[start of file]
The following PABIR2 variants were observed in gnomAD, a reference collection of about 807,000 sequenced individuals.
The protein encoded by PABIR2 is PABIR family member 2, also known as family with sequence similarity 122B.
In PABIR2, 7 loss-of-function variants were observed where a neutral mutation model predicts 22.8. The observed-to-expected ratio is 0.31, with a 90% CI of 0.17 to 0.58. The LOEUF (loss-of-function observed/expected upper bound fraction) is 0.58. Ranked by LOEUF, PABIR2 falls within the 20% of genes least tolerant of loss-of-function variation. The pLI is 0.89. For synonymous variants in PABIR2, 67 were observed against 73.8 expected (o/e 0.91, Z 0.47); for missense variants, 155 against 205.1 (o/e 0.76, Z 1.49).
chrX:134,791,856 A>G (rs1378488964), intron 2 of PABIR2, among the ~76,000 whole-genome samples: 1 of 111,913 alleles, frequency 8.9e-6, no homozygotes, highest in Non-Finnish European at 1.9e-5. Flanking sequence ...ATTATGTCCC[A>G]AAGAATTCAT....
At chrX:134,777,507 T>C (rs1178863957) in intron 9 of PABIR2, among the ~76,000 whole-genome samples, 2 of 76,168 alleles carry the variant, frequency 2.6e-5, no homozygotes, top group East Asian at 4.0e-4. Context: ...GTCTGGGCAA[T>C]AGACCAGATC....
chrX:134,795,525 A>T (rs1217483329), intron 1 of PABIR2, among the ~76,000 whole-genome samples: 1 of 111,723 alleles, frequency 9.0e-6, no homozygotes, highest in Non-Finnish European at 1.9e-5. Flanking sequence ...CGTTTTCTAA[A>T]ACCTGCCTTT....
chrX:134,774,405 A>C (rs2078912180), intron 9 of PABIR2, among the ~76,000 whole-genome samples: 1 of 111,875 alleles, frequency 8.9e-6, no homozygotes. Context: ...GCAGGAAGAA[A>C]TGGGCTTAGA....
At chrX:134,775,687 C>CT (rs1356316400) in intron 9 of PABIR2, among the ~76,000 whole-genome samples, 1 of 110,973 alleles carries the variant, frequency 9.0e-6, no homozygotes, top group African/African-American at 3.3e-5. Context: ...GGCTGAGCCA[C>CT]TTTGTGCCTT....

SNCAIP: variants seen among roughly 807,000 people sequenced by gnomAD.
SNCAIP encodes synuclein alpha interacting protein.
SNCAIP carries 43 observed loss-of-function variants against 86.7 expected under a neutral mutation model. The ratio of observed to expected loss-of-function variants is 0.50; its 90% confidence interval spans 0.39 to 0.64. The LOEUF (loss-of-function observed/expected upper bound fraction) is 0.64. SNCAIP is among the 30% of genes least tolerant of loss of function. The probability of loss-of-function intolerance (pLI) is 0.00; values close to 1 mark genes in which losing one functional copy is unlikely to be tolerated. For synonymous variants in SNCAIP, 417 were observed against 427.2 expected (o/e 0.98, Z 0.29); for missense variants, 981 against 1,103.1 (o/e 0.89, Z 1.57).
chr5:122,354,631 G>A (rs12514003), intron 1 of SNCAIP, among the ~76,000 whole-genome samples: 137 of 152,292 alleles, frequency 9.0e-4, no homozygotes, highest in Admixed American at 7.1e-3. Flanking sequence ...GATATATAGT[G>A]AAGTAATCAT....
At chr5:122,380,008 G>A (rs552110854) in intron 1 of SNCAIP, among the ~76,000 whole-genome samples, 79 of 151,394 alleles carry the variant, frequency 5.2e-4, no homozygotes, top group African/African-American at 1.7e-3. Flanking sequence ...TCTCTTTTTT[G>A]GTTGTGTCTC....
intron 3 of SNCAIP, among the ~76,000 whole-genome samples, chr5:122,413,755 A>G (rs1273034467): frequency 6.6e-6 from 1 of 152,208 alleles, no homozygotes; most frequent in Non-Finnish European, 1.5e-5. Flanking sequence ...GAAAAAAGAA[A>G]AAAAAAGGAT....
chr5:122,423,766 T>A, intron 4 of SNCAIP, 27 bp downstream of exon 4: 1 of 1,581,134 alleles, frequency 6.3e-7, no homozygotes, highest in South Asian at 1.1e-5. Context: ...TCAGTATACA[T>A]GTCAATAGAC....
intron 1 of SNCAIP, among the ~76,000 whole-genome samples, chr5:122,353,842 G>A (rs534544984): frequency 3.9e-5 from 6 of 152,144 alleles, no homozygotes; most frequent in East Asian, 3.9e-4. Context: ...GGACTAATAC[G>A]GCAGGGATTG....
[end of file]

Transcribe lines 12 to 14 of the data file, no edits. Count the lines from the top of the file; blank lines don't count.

chr5:122,354,631 G>A (rs12514003), intron 1 of SNCAIP, among the ~76,000 whole-genome samples: 137 of 152,292 alleles, frequency 9.0e-4, no homozygotes, highest in Admixed American at 7.1e-3. Flanking sequence ...GATATATAGT[G>A]AAGTAATCAT....
At chr5:122,380,008 G>A (rs552110854) in intron 1 of SNCAIP, among the ~76,000 whole-genome samples, 79 of 151,394 alleles carry the variant, frequency 5.2e-4, no homozygotes, top group African/African-American at 1.7e-3. Flanking sequence ...TCTCTTTTTT[G>A]GTTGTGTCTC....
intron 3 of SNCAIP, among the ~76,000 whole-genome samples, chr5:122,413,755 A>G (rs1273034467): frequency 6.6e-6 from 1 of 152,208 alleles, no homozygotes; most frequent in Non-Finnish European, 1.5e-5. Flanking sequence ...GAAAAAAGAA[A>G]AAAAAAGGAT....